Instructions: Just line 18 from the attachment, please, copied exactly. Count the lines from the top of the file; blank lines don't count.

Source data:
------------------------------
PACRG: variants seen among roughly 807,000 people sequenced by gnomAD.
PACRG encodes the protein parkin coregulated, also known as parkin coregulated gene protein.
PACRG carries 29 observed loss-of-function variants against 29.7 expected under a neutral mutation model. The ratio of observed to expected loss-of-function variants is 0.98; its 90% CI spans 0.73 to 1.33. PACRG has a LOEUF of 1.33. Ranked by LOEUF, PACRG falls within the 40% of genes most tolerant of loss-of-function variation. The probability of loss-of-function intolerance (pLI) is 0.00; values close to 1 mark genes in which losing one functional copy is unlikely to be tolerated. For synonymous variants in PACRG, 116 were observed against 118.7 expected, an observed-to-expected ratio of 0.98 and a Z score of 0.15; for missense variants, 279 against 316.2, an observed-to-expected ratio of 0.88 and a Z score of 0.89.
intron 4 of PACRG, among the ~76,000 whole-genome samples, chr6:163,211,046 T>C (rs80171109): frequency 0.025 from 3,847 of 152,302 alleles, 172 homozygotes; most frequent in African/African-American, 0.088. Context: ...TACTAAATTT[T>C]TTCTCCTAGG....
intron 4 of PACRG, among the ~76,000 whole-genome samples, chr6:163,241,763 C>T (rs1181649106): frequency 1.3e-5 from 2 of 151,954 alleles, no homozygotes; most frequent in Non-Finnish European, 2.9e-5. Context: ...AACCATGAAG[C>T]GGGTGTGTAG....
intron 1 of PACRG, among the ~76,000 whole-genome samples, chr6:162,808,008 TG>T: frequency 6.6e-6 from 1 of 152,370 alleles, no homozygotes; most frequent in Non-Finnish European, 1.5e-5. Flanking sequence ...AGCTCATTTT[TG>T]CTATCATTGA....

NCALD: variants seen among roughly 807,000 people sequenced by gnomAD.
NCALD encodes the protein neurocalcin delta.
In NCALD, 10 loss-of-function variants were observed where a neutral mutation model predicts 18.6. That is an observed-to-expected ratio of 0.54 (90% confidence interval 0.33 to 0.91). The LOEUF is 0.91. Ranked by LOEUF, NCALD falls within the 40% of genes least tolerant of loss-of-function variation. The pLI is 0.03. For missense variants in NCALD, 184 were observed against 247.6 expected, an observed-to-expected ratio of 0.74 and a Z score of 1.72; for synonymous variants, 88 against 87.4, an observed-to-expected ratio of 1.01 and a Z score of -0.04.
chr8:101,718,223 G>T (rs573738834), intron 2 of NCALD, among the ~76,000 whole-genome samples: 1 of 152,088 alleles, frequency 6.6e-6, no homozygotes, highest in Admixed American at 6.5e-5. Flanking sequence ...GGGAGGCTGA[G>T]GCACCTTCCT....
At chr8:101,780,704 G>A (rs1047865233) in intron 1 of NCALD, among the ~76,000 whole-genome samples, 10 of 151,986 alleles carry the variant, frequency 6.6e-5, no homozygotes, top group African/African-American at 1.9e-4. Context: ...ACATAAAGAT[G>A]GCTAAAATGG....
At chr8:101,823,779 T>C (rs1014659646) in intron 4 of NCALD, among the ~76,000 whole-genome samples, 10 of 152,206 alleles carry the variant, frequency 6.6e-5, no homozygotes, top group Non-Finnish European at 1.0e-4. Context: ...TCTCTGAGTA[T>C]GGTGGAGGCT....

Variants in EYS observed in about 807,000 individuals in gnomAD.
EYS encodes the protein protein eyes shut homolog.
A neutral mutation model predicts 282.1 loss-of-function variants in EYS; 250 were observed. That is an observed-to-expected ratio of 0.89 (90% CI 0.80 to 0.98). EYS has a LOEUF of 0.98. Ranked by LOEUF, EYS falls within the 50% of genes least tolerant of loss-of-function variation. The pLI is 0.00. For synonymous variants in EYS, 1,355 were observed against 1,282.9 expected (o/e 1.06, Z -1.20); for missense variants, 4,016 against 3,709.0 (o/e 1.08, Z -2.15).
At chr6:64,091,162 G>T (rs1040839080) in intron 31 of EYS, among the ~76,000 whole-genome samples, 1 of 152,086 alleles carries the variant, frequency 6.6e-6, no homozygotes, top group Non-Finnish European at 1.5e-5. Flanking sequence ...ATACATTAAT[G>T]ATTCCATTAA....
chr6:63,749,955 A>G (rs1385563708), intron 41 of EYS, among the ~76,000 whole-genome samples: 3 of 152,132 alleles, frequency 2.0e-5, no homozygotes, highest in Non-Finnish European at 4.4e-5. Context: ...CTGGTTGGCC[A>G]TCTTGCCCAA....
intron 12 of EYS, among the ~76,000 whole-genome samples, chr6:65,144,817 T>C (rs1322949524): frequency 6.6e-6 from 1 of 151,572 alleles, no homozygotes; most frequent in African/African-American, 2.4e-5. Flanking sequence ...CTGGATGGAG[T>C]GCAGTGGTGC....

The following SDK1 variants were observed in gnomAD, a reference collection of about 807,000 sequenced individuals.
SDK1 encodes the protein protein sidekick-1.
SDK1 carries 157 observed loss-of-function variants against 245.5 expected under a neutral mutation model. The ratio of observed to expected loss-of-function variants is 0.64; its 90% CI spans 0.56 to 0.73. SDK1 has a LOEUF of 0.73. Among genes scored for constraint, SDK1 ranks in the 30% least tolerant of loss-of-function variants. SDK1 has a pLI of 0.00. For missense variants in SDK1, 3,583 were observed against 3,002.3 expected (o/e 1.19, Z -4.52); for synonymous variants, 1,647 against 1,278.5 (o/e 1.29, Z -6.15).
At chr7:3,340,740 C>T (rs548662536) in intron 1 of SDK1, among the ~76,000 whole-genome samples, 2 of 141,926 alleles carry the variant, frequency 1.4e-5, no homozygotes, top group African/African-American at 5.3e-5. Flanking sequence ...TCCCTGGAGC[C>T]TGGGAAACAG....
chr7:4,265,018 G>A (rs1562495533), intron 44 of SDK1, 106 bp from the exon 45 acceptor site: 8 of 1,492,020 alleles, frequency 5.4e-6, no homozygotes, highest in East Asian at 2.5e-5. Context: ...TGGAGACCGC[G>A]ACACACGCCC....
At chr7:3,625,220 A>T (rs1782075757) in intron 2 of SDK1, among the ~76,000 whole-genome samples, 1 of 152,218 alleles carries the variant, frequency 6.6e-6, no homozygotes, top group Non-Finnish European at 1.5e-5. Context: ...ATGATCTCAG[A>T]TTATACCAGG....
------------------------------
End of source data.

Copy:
intron 12 of EYS, among the ~76,000 whole-genome samples, chr6:65,144,817 T>C (rs1322949524): frequency 6.6e-6 from 1 of 151,572 alleles, no homozygotes; most frequent in African/African-American, 2.4e-5. Flanking sequence ...CTGGATGGAG[T>C]GCAGTGGTGC....